Who knows. But the feel-good Star Trek seems gone forever. Betrayal to the series almost, and messing around with the hope and expectations of the audience as well.
Benjy - Thu, Sep 17, 2009 - 5:38pm (USA Central)
I'll be blunt. I absolutely hated this episode.

The first reason I hated the episode was the bad science. I can stand some bad science, even in Star Trek. To be honest, I've always considered Star Trek to be more science fantasy, than science fiction. That's fine as long as it sets reasonable rules, and it doesn't blatantly break those rules. The symbiote or "absurdus plotdevicious" cloning memories with the DNA doesn't make the slightest bit of sense. I find it nearly impossible to get around that; it's like the breaking the warp 10 barrier in Voyager's Threshold.

And as for the moral debate, BenSisko hit the nail on the head. There was no moral debate. The moral debate consisted of the whole crew completely denying Sim's rights as a sentient being, because it's inconvenient for them. There is no real debate, and anything on the opposing side seems very hollow. Hell, the debate on both sides seems hollow.
David - Sat, Oct 31, 2009 - 12:28am (USA Central)
I don't understand the "bad science" criticism leveled at this episode. Anyone looking for scientific accuracy should have given up on Trek back when the original series was on - guess what, there's no such thing as warp drive or transporters, either. If you're going to buy the Star Trek premise of life in unlimited variety existing in a huge cosmos, there's no reason to dismiss the ep. on the grounds that a space slug can't be stamped with human DNA. All that matters to me is where they take the premise, and I thought overall they crafted an interesting and thought-provoking hour of television.
Jonathan - Sat, Oct 31, 2009 - 2:02am (USA Central)
Before Voyager, Star Trek was somewhat grounded in scientific fact. I don't mind that they have taken liberties with the science; that's part of science fiction. Good science fiction doesn't require strict scientific accuracy. But when the science and the depicted reality becomes farther away from even "soft" science fiction standards, it morphs into fantasy (such as the later years of Voyager), where it seems that truly nothing is impossible. The problem isn't so much that anything is possible, but that it is very difficult to say what is impossible/what cannot be done. My favorite episodes are about the exploration of scientific possibilities. When science is blatantly violated, then it becomes silly, and hardly worth watching, because Star Trek sucks at character development.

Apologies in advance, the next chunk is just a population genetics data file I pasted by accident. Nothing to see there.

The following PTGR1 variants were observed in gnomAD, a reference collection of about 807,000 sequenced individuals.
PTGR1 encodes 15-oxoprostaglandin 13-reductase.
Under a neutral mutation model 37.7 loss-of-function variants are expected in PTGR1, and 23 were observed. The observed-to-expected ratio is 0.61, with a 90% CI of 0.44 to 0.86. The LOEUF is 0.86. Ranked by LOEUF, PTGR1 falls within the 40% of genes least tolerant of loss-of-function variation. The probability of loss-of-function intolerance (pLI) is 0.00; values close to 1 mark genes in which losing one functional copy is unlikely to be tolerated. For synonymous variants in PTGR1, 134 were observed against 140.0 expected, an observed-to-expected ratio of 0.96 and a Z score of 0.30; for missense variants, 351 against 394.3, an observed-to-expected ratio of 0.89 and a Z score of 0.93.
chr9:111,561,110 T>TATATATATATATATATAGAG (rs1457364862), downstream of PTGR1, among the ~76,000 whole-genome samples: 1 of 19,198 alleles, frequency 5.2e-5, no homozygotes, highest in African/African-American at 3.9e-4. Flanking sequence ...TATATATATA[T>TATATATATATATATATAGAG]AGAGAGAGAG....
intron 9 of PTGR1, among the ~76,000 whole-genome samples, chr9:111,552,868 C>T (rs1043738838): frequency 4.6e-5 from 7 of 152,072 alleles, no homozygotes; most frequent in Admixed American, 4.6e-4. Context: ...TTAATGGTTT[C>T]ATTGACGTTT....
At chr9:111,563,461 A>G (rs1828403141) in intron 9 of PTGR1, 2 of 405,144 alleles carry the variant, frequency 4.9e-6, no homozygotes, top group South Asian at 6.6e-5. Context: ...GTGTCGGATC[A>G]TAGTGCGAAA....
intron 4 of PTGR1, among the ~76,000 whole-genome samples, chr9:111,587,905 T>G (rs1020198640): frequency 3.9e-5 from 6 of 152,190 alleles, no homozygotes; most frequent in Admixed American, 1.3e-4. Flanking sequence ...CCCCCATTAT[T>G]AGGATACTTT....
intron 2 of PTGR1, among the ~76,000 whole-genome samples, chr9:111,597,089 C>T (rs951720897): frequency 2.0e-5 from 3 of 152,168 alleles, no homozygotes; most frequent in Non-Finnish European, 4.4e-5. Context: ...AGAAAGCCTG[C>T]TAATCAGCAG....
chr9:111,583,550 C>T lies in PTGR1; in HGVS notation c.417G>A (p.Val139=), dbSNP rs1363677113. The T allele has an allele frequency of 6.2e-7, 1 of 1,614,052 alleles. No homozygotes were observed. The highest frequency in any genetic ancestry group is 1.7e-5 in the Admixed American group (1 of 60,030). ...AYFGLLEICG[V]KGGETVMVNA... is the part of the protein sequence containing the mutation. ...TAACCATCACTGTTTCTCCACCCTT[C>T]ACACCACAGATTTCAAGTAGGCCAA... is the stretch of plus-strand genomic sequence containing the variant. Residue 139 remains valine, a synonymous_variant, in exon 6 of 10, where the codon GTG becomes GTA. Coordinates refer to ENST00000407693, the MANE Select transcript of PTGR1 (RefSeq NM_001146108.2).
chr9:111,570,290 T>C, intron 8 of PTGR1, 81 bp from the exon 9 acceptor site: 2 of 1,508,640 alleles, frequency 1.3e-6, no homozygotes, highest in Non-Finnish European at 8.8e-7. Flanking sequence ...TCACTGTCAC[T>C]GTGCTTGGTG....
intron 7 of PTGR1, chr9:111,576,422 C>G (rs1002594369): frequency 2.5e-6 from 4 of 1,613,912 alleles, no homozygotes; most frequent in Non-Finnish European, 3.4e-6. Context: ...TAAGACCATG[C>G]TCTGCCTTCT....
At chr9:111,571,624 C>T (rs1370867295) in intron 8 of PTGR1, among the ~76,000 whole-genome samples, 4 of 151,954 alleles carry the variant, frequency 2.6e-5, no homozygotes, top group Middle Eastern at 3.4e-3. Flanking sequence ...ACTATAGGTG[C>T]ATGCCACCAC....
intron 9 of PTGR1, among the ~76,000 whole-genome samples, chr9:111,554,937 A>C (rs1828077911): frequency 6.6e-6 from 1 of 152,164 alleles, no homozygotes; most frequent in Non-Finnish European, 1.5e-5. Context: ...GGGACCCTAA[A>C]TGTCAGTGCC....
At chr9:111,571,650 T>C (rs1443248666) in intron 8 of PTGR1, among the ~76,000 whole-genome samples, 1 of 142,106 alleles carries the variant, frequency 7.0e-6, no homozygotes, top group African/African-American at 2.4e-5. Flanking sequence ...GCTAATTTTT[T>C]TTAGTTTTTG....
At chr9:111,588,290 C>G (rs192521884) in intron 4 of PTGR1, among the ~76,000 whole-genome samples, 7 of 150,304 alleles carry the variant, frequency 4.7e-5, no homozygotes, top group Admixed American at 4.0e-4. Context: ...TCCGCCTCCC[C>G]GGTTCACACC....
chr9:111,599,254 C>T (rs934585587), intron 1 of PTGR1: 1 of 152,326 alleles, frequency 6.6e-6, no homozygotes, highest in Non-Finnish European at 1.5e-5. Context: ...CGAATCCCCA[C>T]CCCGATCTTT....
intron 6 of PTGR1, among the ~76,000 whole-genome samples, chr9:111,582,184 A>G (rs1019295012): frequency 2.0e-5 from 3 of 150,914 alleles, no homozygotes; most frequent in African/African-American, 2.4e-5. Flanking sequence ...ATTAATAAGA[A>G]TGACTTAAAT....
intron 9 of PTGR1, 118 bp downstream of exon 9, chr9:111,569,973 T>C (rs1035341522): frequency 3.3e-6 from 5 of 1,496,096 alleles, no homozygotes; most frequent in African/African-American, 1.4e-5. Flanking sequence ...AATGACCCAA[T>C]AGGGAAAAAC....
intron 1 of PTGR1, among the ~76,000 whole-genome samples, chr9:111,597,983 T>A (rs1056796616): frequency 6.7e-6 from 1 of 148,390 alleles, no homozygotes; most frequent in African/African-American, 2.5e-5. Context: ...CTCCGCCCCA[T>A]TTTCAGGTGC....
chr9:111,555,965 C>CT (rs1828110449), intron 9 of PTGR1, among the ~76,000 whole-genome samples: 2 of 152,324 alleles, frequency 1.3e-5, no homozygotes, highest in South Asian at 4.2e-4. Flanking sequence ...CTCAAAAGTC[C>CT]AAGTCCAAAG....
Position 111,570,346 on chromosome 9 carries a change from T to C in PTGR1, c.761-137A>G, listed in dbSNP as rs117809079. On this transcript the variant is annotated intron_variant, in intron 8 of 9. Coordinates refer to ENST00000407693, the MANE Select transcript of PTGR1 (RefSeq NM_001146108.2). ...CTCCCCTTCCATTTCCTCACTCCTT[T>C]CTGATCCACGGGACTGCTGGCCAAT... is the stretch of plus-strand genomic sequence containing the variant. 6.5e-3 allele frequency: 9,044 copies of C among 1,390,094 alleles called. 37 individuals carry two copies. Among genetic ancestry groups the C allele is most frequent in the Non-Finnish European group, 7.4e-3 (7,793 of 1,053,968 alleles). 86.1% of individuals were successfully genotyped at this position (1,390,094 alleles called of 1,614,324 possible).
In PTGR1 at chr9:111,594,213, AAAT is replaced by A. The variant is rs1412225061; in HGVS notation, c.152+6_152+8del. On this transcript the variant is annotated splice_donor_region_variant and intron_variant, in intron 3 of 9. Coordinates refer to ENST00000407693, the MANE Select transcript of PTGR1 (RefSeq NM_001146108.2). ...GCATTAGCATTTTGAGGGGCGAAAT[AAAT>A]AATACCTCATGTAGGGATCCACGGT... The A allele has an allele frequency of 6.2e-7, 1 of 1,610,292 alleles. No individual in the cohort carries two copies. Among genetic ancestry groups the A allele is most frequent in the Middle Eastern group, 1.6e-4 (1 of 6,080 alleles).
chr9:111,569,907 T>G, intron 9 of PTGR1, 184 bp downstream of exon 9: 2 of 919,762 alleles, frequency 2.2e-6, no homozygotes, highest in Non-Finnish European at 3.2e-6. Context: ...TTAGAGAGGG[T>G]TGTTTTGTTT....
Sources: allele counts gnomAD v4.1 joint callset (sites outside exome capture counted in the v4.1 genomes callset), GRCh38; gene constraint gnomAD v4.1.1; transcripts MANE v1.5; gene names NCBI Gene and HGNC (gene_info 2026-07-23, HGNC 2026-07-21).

Contrast Star Trek with Heroes. Heroes is complete fantasy and cannot be considered science fiction at all. It's watchable because it has decent character development. Never mind that I have to turn off half my brain when I watch it.
Bill T. - Mon, Dec 21, 2009 - 12:30am (USA Central)
I'd give this 3-3.5 stars. My only major gripes are with the total implausibility/impossibility of the memory transfer -- but you have to admit they HAVE done that before in ST cloning. And Archer didn't spend enough time agonizing over the moral issues -- even though I believe he would have killed Sim. Throw out the "Sim can LIVE!" plot thread at the end, add in more moral quandary for the crew and exploration of self for Sim, and provide a better explanation for the memory transfer, and it would be almost perfect. Well, for Enterprise.
Katie - Tue, Apr 20, 2010 - 11:36pm (USA Central)
It's interesting to me that your main objection to this episode was the bizarre "sci-fi machinations," considering that your nutshell review of Tuvix--in which two characters are merged WITH A FLOWER via a bizarre transporter accident--said something like "a bizarre premise that nonetheless works."

My main problem with this isn't the bizarre science, although there are probably cleverer ways to clone someone than using magic slugs. I had trouble connecting emotionally with the episode because so few of the characters seemed to give a crap. No one--not even Phlox!--debates or questions the situation. It seems to be taken as a given by everyone except Sim that he deserves to live less than Trip. I would have appreciated some hints that other members of the crew--Hoshi? Reed?--were uncomfortable with the situation.

Equally problematic was Archer's single-minded and pointless aggression. The overly friendly, slightly dumb, slightly goofy Archer of seasons 1-2 got pretty annoying, but the hyper-aggressive Archer of this season is no more appealing. The scene in Trip's quarters where he essentially berates Sim for wanting to live disgusted me.
sweezely - Thu, Jul 8, 2010 - 1:03pm (USA Central)
Enterprise just can't win with you can it? When it does a great sci-fi episode that isn't grounded by "reality" or "real world situations" you bitch about it. And yet when it does a great episode concerning a real (albeit futuristic) moral dilemma of harvesting organs from a clone, you bitch about the science.

This episode made me and my girlfriend cry, because the story was so sad and the plight of Sim so disturbing. I have a degree in cosmology. She is researching neuroscience, specifically MEMORY. If two actual scientists can make the leap, why can't you?